The following week, after attending Hart’s conceal carry class, one woman purchased a SIG and the other purchased a Glock. During the last week in January, four additional single African American women walked into the store expressing the same interest in concealed carry firearms and training.
It’s no retail secret that word of mouth and sending customers home with a clear understanding of the use and the safe responsibility of owning a firearm is a strong business model. Said Hart, “This pattern has replicated and grown from those first few customers.”
As of this interview, completed in July, Kirkwood Outfitters’ retail handgun turns are above the level of the Obama boom cycles.
“We have days where we can turn 20 handguns in an afternoon,” he said.
Responding to a Female Demographic
What makes Hart’s story so powerful is that this year the female demographic is approaching 50 percent of his total sales. As an added bonus, these sales are to new shooters.
“This shift is what our industry needs. Customers who previously perceived firearms negatively, now view them in a positive light. I can’t think of anything more powerful than an urban, potentially liberal, demographic enjoying handgun ownership,” said Hart.
Selling on the Distributor Cloud
While sales continue to improve for this retailer, one of the latest traffic builders has been distributor-based web sales. Tying Kirkwood’s website to a competitively priced click-through handgun purchase has resulted in consistent cash register rings.
“Almost every day I check our email to find one, two or even three purchases from our website. Most sales are shipped to the store. On average there is roughly a two-day turnaround. Then the buyer shows up for his NICS check and I have a brand-new customer, said Hart. He added, “I’ll admit the sales may not be as profitable as past turns last year. However, we didn’t advance-inventory the firearm, and it brings a new customer into the store.” Hart remarked that the sale typically closes with ancillary accessory sales.
Enhancing In-store Homeland Security
Another recent adjustment this retailer has made was to take his store security to a higher level. The St. Louis area has seen an increase in gun store burglaries. Typically, these take place after hours and late at night.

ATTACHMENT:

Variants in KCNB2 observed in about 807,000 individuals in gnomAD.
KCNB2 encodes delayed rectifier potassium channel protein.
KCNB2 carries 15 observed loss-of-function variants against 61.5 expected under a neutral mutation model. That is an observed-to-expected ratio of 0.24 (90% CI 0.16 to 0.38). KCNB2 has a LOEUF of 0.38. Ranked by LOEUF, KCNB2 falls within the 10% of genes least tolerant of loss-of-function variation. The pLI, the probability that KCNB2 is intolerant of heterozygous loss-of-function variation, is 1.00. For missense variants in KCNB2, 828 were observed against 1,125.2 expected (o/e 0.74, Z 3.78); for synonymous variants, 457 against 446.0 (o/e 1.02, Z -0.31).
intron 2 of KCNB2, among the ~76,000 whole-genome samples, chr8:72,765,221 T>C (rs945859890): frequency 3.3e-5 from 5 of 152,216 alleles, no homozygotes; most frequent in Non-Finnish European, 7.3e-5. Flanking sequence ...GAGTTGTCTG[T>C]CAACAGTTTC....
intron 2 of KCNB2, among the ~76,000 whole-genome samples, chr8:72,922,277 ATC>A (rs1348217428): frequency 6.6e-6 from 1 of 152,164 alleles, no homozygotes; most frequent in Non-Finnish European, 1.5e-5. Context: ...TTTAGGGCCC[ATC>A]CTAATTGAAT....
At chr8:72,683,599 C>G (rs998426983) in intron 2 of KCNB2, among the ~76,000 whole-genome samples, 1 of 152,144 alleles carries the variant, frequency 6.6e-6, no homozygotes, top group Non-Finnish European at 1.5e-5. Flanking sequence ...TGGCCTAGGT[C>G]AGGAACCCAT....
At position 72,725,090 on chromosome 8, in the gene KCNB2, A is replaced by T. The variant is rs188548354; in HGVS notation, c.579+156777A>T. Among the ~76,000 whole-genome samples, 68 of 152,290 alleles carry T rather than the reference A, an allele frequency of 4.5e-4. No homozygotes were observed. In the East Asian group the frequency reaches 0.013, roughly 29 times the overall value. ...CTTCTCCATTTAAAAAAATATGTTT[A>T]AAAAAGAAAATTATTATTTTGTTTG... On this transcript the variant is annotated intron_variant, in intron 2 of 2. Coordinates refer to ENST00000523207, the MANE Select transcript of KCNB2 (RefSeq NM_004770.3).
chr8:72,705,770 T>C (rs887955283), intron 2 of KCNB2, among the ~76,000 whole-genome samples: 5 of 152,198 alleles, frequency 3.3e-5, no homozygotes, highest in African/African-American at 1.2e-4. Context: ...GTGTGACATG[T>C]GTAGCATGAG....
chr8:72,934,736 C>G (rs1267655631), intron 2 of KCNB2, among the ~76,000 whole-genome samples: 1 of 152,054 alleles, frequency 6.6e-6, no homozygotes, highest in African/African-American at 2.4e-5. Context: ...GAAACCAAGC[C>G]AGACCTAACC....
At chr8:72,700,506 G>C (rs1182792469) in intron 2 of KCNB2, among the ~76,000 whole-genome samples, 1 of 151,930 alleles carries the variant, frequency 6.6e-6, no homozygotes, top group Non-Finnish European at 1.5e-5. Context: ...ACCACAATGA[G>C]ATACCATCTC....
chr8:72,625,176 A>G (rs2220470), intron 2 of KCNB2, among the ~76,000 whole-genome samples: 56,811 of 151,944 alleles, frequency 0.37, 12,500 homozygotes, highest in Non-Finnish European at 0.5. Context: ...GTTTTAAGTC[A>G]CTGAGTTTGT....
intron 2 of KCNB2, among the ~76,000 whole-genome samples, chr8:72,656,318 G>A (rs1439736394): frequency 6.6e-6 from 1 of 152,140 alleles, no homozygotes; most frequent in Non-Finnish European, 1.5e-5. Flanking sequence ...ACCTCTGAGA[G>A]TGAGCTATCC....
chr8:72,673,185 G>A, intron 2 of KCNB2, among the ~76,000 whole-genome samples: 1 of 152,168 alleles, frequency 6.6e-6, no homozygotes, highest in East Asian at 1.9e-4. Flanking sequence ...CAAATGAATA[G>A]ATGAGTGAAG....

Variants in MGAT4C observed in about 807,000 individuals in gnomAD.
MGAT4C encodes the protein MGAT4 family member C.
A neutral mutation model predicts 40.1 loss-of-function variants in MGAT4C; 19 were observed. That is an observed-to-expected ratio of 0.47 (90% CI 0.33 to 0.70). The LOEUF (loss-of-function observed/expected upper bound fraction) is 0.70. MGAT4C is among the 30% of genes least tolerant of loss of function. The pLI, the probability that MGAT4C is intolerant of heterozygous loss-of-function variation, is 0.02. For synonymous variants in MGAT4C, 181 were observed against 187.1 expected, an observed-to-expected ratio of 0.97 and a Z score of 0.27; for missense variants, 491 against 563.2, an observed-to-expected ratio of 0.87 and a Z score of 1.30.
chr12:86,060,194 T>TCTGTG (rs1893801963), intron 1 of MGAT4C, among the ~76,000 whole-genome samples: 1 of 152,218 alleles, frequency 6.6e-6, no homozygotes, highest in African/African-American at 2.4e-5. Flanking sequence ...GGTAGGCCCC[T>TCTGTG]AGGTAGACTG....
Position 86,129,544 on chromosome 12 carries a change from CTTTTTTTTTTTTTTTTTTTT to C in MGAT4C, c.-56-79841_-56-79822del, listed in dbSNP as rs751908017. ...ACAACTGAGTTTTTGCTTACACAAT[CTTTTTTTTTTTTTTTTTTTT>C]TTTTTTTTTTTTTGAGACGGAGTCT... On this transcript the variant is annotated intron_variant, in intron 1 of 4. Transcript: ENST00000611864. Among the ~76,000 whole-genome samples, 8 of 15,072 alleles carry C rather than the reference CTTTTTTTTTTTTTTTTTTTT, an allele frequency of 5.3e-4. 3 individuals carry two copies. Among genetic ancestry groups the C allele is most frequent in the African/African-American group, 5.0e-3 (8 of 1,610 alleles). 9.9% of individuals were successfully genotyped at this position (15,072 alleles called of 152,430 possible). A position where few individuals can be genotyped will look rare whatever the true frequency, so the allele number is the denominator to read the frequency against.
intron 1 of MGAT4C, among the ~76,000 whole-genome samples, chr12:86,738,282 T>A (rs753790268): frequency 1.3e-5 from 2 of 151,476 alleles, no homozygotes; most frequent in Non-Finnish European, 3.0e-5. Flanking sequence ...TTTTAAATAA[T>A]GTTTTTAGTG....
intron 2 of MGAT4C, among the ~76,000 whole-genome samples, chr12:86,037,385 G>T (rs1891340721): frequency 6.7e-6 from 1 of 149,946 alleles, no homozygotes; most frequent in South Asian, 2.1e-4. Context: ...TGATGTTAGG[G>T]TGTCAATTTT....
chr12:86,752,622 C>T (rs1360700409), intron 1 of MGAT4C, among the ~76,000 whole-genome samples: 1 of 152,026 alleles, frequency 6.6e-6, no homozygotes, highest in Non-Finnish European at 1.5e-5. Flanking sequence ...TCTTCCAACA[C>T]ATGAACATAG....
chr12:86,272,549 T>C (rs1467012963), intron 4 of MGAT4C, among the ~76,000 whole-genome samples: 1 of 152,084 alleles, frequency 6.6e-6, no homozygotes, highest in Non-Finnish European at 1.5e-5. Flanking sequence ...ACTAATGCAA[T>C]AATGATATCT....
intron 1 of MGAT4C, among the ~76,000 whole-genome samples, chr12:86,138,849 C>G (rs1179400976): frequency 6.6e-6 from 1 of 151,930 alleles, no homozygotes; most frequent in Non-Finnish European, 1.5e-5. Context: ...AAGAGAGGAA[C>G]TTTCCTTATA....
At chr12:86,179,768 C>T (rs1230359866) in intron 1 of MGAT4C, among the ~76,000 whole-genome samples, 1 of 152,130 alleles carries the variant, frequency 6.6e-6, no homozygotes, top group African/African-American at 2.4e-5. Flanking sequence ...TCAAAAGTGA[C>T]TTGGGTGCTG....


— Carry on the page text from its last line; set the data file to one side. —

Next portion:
“Our new store is on the second floor of our retail building. We now lock everything in the safe at night,” said Hart.
Supplementary changes include the addition of smash-resistant display cases, as well as floor safes secured to the building. Hart did acknowledge that the security measures take more time.
“It adds an easy hour-plus to the day to take everything out of their display cases and put it away every evening. We take seriously our responsibility to protect our inventory from an illegal acquisition. It is our responsibility to our community,” said Hart.
Lessons Learned from the Counter
Several lessons were learned from the counter at Kirkwood Outfitters.
First is the willingness to ride the ebb and flow of the political tide. By confronting the post-election lull head-on and by opening the door to welcome new shooters and encourage demographic shifts, retailers can continue to move the sales needle.
Second is the willingness to listen to and meet these new consumers’ wants and needs. A change in state and local laws led to an increased demand for training and safety through concealed carry classes.
Third was to add the “cloud” to the store’s website to drive sales and attract new customers to the store. Once they’ve crossed the store’s physical threshold, higher-profit accessories fill the cart.
Finally, by investing time and money to add safety features to the store, this retailer is sending a strong, positive message into the community that he’s a responsible steward to the firearms industry.